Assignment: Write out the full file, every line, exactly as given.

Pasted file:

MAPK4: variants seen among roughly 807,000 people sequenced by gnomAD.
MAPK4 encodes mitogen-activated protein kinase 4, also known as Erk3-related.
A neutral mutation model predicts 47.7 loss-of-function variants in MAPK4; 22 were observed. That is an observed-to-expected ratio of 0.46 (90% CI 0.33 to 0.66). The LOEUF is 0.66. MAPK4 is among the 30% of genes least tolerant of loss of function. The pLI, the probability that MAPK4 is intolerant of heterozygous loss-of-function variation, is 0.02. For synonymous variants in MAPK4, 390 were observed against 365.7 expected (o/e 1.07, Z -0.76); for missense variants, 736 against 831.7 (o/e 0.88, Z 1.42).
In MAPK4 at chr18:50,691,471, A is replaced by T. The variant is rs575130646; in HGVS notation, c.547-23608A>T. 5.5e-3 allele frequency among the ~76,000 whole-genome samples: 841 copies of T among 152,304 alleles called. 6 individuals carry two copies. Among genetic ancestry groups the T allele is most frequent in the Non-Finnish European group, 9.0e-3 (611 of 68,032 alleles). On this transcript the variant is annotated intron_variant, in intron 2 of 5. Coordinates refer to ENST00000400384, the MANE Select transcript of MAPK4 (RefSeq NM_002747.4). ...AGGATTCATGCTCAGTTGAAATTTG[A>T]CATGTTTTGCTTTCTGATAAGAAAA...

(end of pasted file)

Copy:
MAPK4: variants seen among roughly 807,000 people sequenced by gnomAD.
MAPK4 encodes mitogen-activated protein kinase 4, also known as Erk3-related.
A neutral mutation model predicts 47.7 loss-of-function variants in MAPK4; 22 were observed. That is an observed-to-expected ratio of 0.46 (90% CI 0.33 to 0.66). The LOEUF is 0.66. MAPK4 is among the 30% of genes least tolerant of loss of function. The pLI, the probability that MAPK4 is intolerant of heterozygous loss-of-function variation, is 0.02. For synonymous variants in MAPK4, 390 were observed against 365.7 expected (o/e 1.07, Z -0.76); for missense variants, 736 against 831.7 (o/e 0.88, Z 1.42).
In MAPK4 at chr18:50,691,471, A is replaced by T. The variant is rs575130646; in HGVS notation, c.547-23608A>T. 5.5e-3 allele frequency among the ~76,000 whole-genome samples: 841 copies of T among 152,304 alleles called. 6 individuals carry two copies. Among genetic ancestry groups the T allele is most frequent in the Non-Finnish European group, 9.0e-3 (611 of 68,032 alleles). On this transcript the variant is annotated intron_variant, in intron 2 of 5. Coordinates refer to ENST00000400384, the MANE Select transcript of MAPK4 (RefSeq NM_002747.4). ...AGGATTCATGCTCAGTTGAAATTTG[A>T]CATGTTTTGCTTTCTGATAAGAAAA...